Lamson, Dugan and Murray, LLP, Attorneys at Law

Insurance Policy Language Really Does Matter

Posted in Insurance coverage

The debate continues on whether a subcontractor’s faulty work constitutes property iStock_000015701146XSmalldamage and an occurrence such that the insurer must cover the claim.  The most recent court to weigh in on this issue is the New Jersey appellate court (one step down from the New Jersey Supreme Court) in Cypress Point Condominium Association, Inc. v. Adria Towers, LLC.

In this case, the condominium association sued the general contractor, who also acted as the developer, and subcontractors for faulty workmanship.  The condominium association also sued the insurer for the general contractor, demanding payment of consequential damages caused by a subcontractor’s faulty work.  The trial court granted summary judgment to the insurer, holding that the subcontractor’s faulty work was not property damage and thus not an occurrence under the Commercial General Liability (CGL) insurance policy, so no coverage.

The appellate court reversed the trial court’s decision, finding that the claims for consequential damages caused by faulty workmanship constituted property damage and an occurrence as defined in the policy.  This was a shift from earlier opinions in New Jersey.

The CGL policy analyzed in this case was the 1986 version of the CGL, while earlier opinions had analyzed the 1973 version.  The 1986 version contains an exception to the “your work” exclusion for work of subcontractors. (I know, confusing)  This means that the exclusion that applies to “your work” is excepted or not applied to subcontractors’ work. The court found that the exception of the subcontractor from the “your work” exclusion meant that the insurance policy must cover the consequential damages caused by the subcontractor’s faulty work.

One question that I have about the underlying project is whether anyone gave any thought to using a 1973 versus a 1986 CGL policy to cover the work.  Did the general contractor’s insurance agent mention that the 1986 policy language may provide broader coverage for the subcontractor’s work?

The same could be true of your projects.  Are you requiring your contractors or subcontractors to provide a certain year of ISO form?  Are you asking for an “additional insured” endorsement for completed operations under CG 20 37? If so, are you demanding a particular year, such as the 2001, 2004 or 2013?  Do you have the infrastructure in place to confirm that the proper form is being provided?

Take Away: Insurance policy language does matter.  And, it changes over the years.  Do you know what your policy provides?  Are you checking to see what policy language your subcontractors are providing?  These are all very important questions and whether you have coverage may be up for debate.

OSHA Delays Enforcement of Confined Spaces Rules

Posted in OSHA

In a recent Trade Release OSHA announced 60-day delay in enforcing the new Confined Spaces in Construction standard.  Here is my earlier blog on the new standard.  Full enforcement will not begin until October 2, 2015.

Craig Martin, Construction Attorney, Lamson Dugan & Murray, LLP

During this 60-day temporary enforcement period, OSHA will not issue citations to employers who make good faith efforts to comply with the new standard. Employers must be in compliance with either the training requirements of the new standard or the previous standard. Employers who fail to train their employees consistent with either of these two standards will be cited.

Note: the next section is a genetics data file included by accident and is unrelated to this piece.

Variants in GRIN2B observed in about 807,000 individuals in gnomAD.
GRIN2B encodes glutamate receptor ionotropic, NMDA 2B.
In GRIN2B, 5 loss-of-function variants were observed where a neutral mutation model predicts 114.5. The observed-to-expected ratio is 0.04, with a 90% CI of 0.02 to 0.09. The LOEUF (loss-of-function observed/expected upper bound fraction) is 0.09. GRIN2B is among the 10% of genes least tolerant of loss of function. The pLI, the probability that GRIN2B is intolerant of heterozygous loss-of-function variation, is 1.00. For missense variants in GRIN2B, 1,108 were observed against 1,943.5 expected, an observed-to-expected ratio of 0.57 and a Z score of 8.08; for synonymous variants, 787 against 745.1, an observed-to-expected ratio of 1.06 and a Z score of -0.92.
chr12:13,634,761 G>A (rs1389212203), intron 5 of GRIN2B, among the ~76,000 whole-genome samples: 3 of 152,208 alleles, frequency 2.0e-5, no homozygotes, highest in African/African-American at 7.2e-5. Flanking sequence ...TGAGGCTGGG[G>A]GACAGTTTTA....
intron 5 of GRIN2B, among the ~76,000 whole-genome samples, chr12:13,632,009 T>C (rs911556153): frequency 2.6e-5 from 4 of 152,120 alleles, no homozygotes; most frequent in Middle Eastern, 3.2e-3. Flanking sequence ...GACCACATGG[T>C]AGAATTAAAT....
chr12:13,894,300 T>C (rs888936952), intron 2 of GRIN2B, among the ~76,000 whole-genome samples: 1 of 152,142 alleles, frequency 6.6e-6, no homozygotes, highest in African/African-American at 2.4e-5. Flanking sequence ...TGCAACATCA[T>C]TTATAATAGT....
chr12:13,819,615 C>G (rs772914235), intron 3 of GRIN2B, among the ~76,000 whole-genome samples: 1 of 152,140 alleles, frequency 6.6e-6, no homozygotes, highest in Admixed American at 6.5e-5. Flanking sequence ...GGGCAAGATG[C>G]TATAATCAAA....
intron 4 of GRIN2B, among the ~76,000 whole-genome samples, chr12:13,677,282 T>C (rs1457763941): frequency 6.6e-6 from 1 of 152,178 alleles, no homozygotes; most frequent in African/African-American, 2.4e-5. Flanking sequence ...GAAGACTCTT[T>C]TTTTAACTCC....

Factors that indicate employers are making good faith efforts to comply include:

  • scheduling training for employees as required by the new standard;
  • ordering the equipment necessary to comply with the new standard; and
  • taking alternative measures to educate and protect employees from confined space hazards.

Take Away: You have 60 more days, but it’s time to get your training on this new standard going to avoid OSHA penalties.

The DOL Claims Most Independent Contractors Are Employees

Posted in Independent Contractor

On July 15, 2015, the Department of Labor issued an Administrator’s Interpretation Craig Martin, Construction Attorney Lamson Dugan & Murray, LLPasserting that most independent contractors are actually employees under the Fair Labor Standards Act.  The DOL claims that the FLSA’s broad definition of employment and “suffer to work” standard under the FLSA requires that most workers be treated as employees.  The certainly appears to be the DOL’s warning shot over the bow and companies using independent contractors should take heed.

The most startling aspect of the Administrative Interpretation is the application of the economic realities test in concluding that workers who are economically dependent on the company, regardless of skill level, are employees under the FLSA’s broad definition of employee

So, what is the Economic Realities Test? Here are the factors considered:

Is the Work an Integral Part of the Employer’s Business? Integral work is just that, important for the business.  The DOL provides an example of a construction related company.  And, yes, I think the DOL intentionally targeted the construction industry.  For a construction company that frames residential homes, carpenters are integral to the company because the company is in the business to frame homes, and carpentry is an integral part of providing that service.  But, the same construction company that contracts with a software developer to create software that assists the company in tracking bids and scheduling projects and crews, is not integral to the construction company’s business.

Does the Worker’s Managerial Skill Affect the Worker’s Opportunity for Profit or Loss? The worker’s managerial skill will often affect opportunity for profit or loss beyond the current job, such as by leading to additional business from other parties or by reducing the opportunity for future work. For example, a worker’s decisions to hire others, purchase materials and equipment, advertise, rent space, and manage time tables may reflect managerial skills that will affect his or her opportunity for profit or loss beyond a current job.